Let's play tug!!
|Barked: Fri Nov 9, '12 3:18am PST |
|I have to start by asking a really ugly question. What are you really looking for? Are you looking to have people give suggestions so that you can say tried that, that won't work, tried that, and give him away or put him down without feeling guilty? Or do you believe you can commit to management, consistency with all family members, and time and effort to work with him? It takes a lot to work with an aggressive dog. It takes a lot for me to work with my mildly reactive and non dangerous dog, and I don't have a family or a full-time job to balance. I'm certainly not going to judge you for being unwilling to make your family live in fear.
That said, I'll try to give some general advice. First, condition him to a muzzle using high value treats. Stop using "no" or any kind of corrections or negative reinforcement. No shock collars, ecollars, pinch collars, hitting, leash corrections, or any other kind of pain. It jeopardizes your physical safety and sets back your training. If he does something you don't like, ask him for an incompatible behavior, like come or sit. Don't use roll over, as he's unlikely to comply with that when he feels unsafe, and it's likely to make him feel even more vulnerable and fearful. On the management side, make sure that home is a safe place. That might mean taping wax paper over the windows or drawing the curtains, playing soothing classical music or running loud fans. It is virtually impossible to get anywhere with a dog who's reacting all day at home- it causes his stress hormones to be higher and causes a wildly fluctuating threshold. Even something like frustration about seeing squirrels and not being able to chase them can have a large effect on the dog's mood and ability to listen. You may also want to look into an antidepressant or benzo. Make sure you have really good treats with you all the time. My backup treat is a Slim Jim. It's full of garbage, but it doesn't need refrigeration and is an extremely high value treat to most dogs. Natural Balance duck and potato is also good, you cut it up into small pieces, or little pieces of meat or cheese. They should be tiny, and you should slide it directly into his mouth- don't give him the chance to bite or guard.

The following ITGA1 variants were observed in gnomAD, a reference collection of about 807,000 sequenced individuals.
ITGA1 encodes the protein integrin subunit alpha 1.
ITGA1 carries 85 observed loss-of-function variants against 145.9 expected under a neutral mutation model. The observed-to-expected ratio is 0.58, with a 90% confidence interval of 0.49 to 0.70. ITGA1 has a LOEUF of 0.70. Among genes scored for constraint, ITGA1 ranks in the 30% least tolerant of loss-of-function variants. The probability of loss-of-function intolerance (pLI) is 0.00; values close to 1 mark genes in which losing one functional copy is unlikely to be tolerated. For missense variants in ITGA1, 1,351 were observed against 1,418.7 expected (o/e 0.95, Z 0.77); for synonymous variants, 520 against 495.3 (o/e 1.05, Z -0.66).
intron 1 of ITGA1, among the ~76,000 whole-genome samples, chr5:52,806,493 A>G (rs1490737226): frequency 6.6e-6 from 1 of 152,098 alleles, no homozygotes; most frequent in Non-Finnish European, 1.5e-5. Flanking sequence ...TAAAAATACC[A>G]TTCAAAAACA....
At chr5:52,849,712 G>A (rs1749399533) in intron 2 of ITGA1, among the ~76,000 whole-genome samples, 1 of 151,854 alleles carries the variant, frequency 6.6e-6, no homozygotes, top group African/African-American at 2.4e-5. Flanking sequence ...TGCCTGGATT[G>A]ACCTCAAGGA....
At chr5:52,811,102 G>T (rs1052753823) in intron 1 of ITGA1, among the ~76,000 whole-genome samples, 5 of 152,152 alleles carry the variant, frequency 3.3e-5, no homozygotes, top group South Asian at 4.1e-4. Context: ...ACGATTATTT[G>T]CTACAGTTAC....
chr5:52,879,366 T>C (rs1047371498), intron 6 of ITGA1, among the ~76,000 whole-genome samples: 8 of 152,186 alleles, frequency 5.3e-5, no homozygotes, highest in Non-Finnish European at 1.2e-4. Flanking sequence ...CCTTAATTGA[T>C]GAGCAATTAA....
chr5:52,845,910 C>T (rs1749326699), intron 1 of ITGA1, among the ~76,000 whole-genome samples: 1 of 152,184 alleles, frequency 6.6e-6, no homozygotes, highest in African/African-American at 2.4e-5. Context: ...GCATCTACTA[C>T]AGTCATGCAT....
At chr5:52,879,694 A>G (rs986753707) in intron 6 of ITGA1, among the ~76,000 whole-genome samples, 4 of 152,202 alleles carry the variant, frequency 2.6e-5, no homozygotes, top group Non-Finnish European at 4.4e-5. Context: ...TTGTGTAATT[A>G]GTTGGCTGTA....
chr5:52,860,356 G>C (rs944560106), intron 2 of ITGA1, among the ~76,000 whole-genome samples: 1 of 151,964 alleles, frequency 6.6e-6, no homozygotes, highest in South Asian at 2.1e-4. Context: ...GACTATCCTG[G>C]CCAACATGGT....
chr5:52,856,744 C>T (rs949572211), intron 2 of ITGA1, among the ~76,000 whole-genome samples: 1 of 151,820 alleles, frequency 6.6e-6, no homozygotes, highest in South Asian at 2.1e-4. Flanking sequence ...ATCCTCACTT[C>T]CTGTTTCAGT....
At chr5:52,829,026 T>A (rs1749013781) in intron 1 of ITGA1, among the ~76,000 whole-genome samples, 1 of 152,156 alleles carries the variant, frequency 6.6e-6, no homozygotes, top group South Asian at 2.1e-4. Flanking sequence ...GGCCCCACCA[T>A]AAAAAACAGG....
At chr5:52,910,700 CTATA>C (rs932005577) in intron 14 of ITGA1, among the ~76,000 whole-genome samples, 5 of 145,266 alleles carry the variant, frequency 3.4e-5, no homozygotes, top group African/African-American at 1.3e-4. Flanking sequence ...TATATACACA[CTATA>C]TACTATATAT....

On the resource guarding, I'd suggest reading the book "Mine!". You'll want to work on that at every mealtime, teaching him that human interference with his food means a tasty treat is coming. Since he has a bite history, start at a great distance and/or with him in the muzzle. Since it's important to slowly increase the intensity, both for his progress and everyone's safety, no one should try to take food out of his mouth, drive him away from something that falls on the floor, etc. You want him to be choosing to turn away from his food bowl to get the treat, not having food forcibly taken from him. If he turns away from dropped food on his own, praise and treat like crazy. If a situation starts to escalate in spite of doing these things, I'd recommend that everyone disengage and ignore him. Stand still, look away, lick your lips and yawn. The looking away, lip licking and yawning say "there is nothing to worry about, I am not threatening you" and the standing still says "making a fuss is not going to work to get what you want or scare people off." Insure your physical safety as first priority, but otherwise start thinking of him as a toddler having a tantrum rather than a vicious beast. When he's calmed down enough to listen to commands, quietly send him to his crate for a timeout for at least half an hour. What he needs most after a reactive episode is a nonstimulating place where he can calm down.
As for the leash reactivity, it's very, very unlikely that it's not fear aggression. Particularly for a dog who reacts more intensely when on leash or otherwise trapped. This is not the behavior of a dog who just likes being dominant. Keep in mind that even a dog who puts on a confident-looking display of lunging and snarling is most likely afraid, but has figured out that a big nasty display makes the scary things go away. I'd get the book Behavior Adjustment Training. The gist is to start with him at a distance from his triggers that won't cause him to react, reward him for calming signals, and teach him to walk away instead of lunging and growling. But the specifics are crucial. When you realize that you are too close to something for him to remain calm, immediately turn around and walk or run away, even if you are dragging him. If he disengages and comes with you willingly, praise and treat like crazy. You can do it even if he lunges and growls- as soon as he stops his display and turns toward you, praise and treat.
Keep in mind that acting chagrined presupposes a certain amount of calm. Many reactive dogs get labeled as stubborn or stupid because they are in fight-or-flight mode, the hindbrain is dominating, and they just can't process the situation. With some dogs, When they're way over threshold, they literally can't hear. They've done studies with brain scans, and after a point, it is not even a choice. The odds are overwhelmingly in your favor that he is not a sociopath who thinks violence is fun, but just a very overwhelemed boy.
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